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• All-new city car
• Price from 8000 (est)
• On sale December
Meet the Up, Volkswagen's forthcoming city car. The Up has generated serious interest since the concept was shown at the Frankfurt motor show in 2007, not least because initial plans included a 4000 price.
Such hype was always going to be difficult to live up to. Disappointingly, 'prohibitive costs' meant that the rear-engined, rear-wheel-drive layout of the concept didn't make it through to the final design. That would have set VW's smallest car well apart from its rivals.
Although the Up looks quite conventional, its simple shape is instantly recognisable as a VW. We think it manages to look cute and practical at the same time.
The Up also manages to cram an impressive amount of space into a tiny footprint. At a Fiat 500-sized 3.5m long, 1.6m wide and 1.5m high, it is one of the smallest four-seater cars available, but short body overhangs and a lengthy 2.4-metre wheelbase allow it to comfortably accommodate four people.
Their shopping shouldn't be a problem either, because the 251-litre boot is one of the biggest in this class. With the rear seat folded down, cargo space reaches a Mini-beating 951 litres.
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The range will be launched with three versions: the entry-level Take Up; the Move Up, which is more geared to comfort, and the top-of-the-range High Up.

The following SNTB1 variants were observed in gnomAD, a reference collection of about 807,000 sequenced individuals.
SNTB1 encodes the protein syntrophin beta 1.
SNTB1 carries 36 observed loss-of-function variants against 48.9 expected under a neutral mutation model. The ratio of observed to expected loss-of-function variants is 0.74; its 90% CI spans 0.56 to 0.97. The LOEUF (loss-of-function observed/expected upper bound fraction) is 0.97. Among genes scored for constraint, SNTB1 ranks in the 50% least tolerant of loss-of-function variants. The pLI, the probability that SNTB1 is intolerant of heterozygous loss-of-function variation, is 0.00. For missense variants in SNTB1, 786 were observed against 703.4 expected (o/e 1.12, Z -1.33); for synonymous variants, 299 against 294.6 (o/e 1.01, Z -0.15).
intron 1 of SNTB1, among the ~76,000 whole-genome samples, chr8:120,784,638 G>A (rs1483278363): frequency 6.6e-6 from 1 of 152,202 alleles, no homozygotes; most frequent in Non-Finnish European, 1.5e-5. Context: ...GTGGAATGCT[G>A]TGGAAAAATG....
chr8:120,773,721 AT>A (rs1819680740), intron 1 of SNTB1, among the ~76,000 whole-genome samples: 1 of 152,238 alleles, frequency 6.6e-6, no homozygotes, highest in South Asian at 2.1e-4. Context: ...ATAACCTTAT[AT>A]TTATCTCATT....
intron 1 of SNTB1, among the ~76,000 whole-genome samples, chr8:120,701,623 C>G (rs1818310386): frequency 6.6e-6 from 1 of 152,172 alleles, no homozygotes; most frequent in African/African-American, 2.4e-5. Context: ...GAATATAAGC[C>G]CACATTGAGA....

Prices are expected to start at around 8000 - a sign that Volkswagen considers this a trendy model rather than budget one.
Just two three-cylinder, 1.0-litre petrol engines will be available at first: a 60bhp variant delivering 67.3mpg, and a 75bhp motor that will do 65.7mpg. Both are expected to emit less than 100g/km of CO2. Bluemotion Technology versions featuring stop-start systems and superior efficiency are set to follow next year.
Some markets will get a natural gas fuelled version returning just 79g/km from 2013, but this will not be offered in the UK.
City driving is at the heart of the Up's design, which is why you'll be able to specify your Up with the first automatic emergency braking system seen on a supermini. It works at speeds of less than 18mph, and stops the Up running into an obstacle. It's a nice touch, but you'll have to pay extra for it.
The Mobile Maps + More infotainment device will be standard on the range-topping High Up and will be optional on lesser versions. The touch-screen unit has been designed to be in keeping with the Up's interior and snaps snugly into place above the centre console.
The standard interior on all models is basic, but clean and well organised. In terms of styling, the dash, seats and side panels can be colour-matched to the car's exterior paintwork.
Perhaps most interesting is what the Up paves the way for. A condition for building the car was that its platform could be shared with other companies in the VW Group. Audi, Seat and Skoda are all keen to add micro-cars to their ranges.
Volkswagen has also confirmed that the Up platform will be used for its first electric production car, the Up blue-e-motion thats planned for sale in 2013.
Five key facts
• All-new front-drive platform
• Maximum 951-litre boot space
• Automatic emergency brake option
• Stop-start versions in 2012
• Electric Up planned for 2013